To improve the quality, accessibility, and sustainability of rehabilitation services in Nepal, USAID introduced the STRIDE project in 2010. The project provides direct technical and financial support to five physical rehabilitation centers (local partner organizations) and their three satellite units.
The Government of Nepal’s Post Disaster Needs Assessment estimates that, as a result of the April 25, 2015 earthquake, 28,572 classrooms in public and private schools were totally destroyed or damaged beyond use. The extensive damage interrupted the education of over 2 million children and youth. Many public school grounds are being used as temporary shelters for displaced populations, which will delay school re-opening.
In support of the Government of Nepal (GON), USAID’s Saath-Saath Project reduces the transmission and impact of HIV and AIDS and improves reproductive health among key affected populations.
Nepal’s first HIV case was detected in 1988. Today, the country has a concentrated HIV epidemic with almost 40,000 adults and children living with HIV, and an estimated overall adult HIV prevalence (15-49 years) of 0.20 percent, the highest among South Asian countries.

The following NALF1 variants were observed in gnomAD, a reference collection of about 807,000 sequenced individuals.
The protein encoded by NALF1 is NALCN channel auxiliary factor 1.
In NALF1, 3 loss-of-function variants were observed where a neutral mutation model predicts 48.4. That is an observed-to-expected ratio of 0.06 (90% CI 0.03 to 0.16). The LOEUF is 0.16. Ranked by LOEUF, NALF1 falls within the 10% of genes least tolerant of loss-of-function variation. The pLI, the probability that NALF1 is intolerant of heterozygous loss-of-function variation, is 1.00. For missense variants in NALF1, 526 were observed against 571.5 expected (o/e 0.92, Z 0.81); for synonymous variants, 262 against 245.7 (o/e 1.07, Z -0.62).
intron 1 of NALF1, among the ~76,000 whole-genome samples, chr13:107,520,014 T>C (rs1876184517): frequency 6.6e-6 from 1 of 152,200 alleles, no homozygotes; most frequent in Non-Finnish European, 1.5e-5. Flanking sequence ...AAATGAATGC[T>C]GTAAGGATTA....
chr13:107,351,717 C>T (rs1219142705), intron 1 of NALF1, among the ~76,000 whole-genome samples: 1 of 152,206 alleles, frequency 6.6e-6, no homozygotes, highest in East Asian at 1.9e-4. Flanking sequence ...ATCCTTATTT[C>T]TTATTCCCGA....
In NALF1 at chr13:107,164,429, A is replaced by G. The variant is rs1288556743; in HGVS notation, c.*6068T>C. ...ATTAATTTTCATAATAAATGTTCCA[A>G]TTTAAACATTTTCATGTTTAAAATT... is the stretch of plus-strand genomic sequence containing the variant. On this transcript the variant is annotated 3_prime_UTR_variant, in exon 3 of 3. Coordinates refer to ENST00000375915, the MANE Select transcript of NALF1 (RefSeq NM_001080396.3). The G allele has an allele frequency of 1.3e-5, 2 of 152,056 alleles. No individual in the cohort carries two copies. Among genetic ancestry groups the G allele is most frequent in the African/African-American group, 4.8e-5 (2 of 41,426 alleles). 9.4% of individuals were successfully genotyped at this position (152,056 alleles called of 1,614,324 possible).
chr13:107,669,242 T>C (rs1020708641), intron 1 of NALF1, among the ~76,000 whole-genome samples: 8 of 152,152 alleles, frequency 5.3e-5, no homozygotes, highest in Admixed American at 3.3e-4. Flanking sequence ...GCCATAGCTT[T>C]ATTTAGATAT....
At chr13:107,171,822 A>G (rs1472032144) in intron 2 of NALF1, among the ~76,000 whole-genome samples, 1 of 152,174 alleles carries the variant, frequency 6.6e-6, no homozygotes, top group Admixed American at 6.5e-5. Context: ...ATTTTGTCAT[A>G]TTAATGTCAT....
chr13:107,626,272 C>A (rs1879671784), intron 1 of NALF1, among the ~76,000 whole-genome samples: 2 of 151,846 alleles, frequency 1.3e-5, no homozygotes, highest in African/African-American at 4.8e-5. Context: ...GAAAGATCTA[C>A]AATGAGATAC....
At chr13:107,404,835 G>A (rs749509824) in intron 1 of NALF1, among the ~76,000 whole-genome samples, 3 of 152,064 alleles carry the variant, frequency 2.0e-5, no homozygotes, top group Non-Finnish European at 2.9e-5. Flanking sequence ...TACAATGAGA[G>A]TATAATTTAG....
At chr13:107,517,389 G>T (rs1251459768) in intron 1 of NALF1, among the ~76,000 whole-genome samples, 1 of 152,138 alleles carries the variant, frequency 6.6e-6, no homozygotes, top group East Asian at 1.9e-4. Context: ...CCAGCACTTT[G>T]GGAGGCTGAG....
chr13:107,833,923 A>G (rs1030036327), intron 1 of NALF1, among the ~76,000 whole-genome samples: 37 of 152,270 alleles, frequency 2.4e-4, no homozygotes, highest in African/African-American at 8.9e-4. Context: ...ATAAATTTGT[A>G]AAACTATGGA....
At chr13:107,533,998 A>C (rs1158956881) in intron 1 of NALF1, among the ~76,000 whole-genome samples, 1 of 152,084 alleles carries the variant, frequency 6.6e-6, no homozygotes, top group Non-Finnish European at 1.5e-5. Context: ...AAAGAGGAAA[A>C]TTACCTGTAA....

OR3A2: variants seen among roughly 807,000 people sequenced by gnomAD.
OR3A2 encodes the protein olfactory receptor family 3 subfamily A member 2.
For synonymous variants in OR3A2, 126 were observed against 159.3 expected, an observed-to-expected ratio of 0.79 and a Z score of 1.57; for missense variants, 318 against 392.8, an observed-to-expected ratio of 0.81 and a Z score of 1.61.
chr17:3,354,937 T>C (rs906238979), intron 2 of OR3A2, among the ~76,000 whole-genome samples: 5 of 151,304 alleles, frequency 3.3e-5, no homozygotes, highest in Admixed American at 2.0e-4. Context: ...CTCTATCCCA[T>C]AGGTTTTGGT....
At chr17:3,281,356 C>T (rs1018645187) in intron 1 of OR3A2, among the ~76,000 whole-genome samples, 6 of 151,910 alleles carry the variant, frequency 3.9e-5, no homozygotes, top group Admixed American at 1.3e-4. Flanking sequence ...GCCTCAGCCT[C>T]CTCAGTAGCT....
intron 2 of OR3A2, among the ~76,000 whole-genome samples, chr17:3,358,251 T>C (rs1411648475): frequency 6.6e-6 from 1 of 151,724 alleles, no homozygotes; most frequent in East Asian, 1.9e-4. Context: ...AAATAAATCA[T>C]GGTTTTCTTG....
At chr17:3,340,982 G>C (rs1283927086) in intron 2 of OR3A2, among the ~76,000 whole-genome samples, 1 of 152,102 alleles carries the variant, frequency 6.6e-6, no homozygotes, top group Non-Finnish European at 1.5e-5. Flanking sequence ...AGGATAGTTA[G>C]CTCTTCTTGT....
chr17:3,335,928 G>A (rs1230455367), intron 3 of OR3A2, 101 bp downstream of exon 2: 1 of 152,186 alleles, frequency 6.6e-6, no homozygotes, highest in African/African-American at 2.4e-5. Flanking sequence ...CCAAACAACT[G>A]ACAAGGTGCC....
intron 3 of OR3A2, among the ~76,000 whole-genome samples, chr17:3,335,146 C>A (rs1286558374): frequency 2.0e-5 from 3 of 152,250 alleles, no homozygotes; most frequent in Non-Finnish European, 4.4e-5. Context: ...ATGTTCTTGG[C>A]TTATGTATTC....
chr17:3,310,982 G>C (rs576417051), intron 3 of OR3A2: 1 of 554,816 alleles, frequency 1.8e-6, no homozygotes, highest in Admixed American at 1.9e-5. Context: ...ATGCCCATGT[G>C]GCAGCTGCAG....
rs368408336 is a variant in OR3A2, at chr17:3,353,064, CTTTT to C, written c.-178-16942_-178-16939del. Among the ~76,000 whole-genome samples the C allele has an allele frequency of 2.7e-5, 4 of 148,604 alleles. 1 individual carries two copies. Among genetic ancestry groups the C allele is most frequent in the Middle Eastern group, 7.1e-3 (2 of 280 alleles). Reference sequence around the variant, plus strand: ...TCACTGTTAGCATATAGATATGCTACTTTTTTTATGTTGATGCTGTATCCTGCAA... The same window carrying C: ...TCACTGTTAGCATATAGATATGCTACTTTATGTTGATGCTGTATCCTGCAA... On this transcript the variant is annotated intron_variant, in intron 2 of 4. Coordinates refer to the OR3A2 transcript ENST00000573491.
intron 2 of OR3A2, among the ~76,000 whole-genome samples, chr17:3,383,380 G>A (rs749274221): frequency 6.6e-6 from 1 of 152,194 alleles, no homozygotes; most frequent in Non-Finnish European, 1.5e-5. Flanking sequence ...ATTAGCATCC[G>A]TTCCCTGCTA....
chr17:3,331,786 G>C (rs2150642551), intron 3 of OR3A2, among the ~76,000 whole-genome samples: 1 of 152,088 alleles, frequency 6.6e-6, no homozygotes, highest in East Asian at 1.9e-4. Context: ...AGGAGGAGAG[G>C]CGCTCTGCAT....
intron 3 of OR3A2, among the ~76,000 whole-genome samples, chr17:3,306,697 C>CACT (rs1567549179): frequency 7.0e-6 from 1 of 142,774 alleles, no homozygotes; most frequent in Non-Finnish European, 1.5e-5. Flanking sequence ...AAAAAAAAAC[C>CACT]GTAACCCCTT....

USAID/Nepal’s Safe-WASH II project improves sanitation, promotes hygiene behavior, and increases access to safe drinking water in rural communities.
Nepal has made remarkable progress in the education sector and expanded learning opportunities for children and adults since 1990. Net primary enrollment rates have increased from 64 to nearly 95 percent, with similar enrollment rates for girls and boys. These improvements have put Nepal on track to achieve Millennium Development Goal 2: Universal Primary Education. Despite this progress, there are concerns about the quality of education and low school completion rates. Nepal’s linguistic, geographical, and socio-economic diversity also affect schools’ ability to provide quality education services for all students.
Last updated: September 19, 2016